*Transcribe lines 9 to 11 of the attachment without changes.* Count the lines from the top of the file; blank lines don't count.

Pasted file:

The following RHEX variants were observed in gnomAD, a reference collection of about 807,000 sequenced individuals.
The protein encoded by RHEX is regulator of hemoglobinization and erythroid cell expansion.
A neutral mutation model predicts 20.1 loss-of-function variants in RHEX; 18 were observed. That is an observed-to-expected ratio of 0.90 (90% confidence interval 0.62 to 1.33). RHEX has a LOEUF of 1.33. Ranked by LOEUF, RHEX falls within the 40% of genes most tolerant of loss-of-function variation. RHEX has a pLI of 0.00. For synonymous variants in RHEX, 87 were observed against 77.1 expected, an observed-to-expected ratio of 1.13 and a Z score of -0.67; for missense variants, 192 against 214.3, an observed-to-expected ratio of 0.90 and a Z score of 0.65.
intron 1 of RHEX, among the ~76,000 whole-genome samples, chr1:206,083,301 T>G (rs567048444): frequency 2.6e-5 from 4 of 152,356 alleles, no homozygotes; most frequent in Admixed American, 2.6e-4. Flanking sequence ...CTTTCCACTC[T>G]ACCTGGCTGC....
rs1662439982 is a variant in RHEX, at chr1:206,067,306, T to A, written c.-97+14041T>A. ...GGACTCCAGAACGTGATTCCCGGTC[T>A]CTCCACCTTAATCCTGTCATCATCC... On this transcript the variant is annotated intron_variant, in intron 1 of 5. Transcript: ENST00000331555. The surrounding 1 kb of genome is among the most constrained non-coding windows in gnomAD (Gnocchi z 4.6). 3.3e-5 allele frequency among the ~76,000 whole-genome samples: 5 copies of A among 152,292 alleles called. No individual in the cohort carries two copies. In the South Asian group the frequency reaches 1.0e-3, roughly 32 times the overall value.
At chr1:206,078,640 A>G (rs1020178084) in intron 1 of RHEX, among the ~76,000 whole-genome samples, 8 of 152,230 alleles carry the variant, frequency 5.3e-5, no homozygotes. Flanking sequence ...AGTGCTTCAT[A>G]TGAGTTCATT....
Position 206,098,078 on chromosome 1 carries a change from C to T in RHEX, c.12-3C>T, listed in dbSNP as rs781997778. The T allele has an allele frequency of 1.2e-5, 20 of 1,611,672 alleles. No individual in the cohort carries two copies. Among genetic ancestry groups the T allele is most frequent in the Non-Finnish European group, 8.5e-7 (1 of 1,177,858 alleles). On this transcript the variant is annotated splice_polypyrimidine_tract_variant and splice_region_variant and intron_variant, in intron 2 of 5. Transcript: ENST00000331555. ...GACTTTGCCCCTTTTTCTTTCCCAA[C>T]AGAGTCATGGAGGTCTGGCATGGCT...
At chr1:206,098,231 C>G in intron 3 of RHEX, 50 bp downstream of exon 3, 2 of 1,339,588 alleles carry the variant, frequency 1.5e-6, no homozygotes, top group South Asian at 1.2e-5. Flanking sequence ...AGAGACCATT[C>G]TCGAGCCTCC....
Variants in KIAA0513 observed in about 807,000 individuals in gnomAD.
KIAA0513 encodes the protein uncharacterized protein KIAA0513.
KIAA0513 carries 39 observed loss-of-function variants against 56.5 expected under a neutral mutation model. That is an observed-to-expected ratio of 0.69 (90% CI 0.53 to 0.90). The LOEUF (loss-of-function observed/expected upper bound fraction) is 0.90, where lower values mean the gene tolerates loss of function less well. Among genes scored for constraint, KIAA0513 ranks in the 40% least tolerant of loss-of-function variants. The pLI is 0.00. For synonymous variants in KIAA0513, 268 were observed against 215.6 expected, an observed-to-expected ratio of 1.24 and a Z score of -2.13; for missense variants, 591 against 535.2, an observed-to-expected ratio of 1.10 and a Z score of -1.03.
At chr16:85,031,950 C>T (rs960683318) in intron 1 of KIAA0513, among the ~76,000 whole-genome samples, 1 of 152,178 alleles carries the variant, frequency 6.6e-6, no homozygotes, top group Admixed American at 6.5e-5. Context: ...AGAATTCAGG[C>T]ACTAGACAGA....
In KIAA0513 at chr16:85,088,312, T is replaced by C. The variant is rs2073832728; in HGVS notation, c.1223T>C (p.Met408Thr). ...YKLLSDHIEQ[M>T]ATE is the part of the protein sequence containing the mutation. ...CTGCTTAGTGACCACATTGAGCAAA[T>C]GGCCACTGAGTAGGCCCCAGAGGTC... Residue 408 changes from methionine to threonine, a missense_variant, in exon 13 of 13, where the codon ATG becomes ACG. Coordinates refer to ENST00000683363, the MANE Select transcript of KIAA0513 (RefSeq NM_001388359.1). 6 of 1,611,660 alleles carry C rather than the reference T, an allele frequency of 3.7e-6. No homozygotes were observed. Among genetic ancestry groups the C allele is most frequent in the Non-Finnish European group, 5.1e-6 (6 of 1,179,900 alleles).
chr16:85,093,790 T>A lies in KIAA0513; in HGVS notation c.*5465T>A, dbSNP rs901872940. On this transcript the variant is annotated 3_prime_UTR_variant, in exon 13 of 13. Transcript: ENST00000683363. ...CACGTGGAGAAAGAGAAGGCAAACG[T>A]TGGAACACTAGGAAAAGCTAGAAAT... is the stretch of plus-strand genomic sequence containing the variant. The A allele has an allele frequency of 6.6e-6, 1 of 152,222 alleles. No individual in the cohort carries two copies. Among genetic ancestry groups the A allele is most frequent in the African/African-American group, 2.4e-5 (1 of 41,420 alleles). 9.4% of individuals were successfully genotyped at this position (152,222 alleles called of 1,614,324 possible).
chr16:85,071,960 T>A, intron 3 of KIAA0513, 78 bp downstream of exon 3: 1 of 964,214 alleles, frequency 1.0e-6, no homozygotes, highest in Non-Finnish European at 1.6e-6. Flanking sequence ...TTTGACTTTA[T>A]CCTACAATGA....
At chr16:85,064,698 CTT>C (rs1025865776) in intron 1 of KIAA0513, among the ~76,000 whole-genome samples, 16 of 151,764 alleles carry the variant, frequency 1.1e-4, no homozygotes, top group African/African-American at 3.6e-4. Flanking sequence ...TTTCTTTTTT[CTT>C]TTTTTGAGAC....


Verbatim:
Variants in KIAA0513 observed in about 807,000 individuals in gnomAD.
KIAA0513 encodes the protein uncharacterized protein KIAA0513.
KIAA0513 carries 39 observed loss-of-function variants against 56.5 expected under a neutral mutation model. That is an observed-to-expected ratio of 0.69 (90% CI 0.53 to 0.90). The LOEUF (loss-of-function observed/expected upper bound fraction) is 0.90, where lower values mean the gene tolerates loss of function less well. Among genes scored for constraint, KIAA0513 ranks in the 40% least tolerant of loss-of-function variants. The pLI is 0.00. For synonymous variants in KIAA0513, 268 were observed against 215.6 expected, an observed-to-expected ratio of 1.24 and a Z score of -2.13; for missense variants, 591 against 535.2, an observed-to-expected ratio of 1.10 and a Z score of -1.03.